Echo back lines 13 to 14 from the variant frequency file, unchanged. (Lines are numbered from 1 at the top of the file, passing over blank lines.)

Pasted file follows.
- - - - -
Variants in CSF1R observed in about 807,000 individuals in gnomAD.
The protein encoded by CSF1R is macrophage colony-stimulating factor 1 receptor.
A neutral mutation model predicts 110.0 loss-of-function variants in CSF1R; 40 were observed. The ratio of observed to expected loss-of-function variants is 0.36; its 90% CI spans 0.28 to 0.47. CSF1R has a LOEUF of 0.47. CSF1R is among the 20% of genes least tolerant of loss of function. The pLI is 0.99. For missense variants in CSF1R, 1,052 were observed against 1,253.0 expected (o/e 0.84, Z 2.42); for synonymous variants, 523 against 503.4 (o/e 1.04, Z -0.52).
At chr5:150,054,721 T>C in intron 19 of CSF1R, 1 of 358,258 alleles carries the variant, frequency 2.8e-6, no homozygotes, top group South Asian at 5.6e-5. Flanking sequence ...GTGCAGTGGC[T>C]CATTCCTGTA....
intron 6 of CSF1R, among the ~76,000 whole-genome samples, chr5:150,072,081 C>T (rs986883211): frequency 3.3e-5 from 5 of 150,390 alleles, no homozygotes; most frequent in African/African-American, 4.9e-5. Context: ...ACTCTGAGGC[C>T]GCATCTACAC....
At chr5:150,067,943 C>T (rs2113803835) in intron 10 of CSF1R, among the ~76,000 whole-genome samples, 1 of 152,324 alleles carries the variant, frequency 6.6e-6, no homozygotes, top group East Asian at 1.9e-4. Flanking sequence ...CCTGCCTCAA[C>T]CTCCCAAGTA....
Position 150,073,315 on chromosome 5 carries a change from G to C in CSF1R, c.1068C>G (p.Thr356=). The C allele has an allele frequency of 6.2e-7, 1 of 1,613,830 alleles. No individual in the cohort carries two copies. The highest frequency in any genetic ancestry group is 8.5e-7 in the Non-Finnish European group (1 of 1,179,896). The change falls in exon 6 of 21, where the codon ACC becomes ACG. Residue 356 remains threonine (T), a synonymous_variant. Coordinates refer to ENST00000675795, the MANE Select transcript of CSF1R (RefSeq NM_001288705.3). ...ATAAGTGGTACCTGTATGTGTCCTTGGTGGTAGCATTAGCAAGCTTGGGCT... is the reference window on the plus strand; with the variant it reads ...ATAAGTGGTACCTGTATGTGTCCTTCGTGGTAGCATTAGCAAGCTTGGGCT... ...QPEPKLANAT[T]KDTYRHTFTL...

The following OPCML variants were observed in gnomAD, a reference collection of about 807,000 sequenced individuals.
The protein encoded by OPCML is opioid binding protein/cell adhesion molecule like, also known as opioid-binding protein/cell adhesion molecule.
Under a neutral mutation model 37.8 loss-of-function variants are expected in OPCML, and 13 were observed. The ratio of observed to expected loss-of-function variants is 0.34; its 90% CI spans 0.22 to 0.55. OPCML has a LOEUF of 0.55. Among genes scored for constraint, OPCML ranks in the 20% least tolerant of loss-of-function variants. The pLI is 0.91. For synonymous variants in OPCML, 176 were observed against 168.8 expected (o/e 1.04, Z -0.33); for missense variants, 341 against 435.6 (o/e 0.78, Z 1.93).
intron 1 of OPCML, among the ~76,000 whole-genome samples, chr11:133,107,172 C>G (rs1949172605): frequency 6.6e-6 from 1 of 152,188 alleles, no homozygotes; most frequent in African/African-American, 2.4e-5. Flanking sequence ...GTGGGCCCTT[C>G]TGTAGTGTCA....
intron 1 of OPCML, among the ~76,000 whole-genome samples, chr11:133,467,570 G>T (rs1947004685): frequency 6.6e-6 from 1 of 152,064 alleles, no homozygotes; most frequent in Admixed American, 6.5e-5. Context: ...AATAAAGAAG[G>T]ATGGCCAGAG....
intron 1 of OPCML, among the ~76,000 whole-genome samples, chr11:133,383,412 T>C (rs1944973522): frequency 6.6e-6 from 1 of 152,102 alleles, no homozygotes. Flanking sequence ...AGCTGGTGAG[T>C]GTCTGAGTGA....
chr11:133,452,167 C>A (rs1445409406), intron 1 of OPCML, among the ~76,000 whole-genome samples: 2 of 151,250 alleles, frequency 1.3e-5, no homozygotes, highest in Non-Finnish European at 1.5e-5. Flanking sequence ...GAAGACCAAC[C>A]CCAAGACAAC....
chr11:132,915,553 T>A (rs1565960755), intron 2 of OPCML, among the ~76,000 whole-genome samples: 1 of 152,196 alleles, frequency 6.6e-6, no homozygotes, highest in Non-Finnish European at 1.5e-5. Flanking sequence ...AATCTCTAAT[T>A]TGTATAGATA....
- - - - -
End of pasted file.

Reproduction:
intron 1 of OPCML, among the ~76,000 whole-genome samples, chr11:133,383,412 T>C (rs1944973522): frequency 6.6e-6 from 1 of 152,102 alleles, no homozygotes. Flanking sequence ...AGCTGGTGAG[T>C]GTCTGAGTGA....
chr11:133,452,167 C>A (rs1445409406), intron 1 of OPCML, among the ~76,000 whole-genome samples: 2 of 151,250 alleles, frequency 1.3e-5, no homozygotes, highest in Non-Finnish European at 1.5e-5. Flanking sequence ...GAAGACCAAC[C>A]CCAAGACAAC....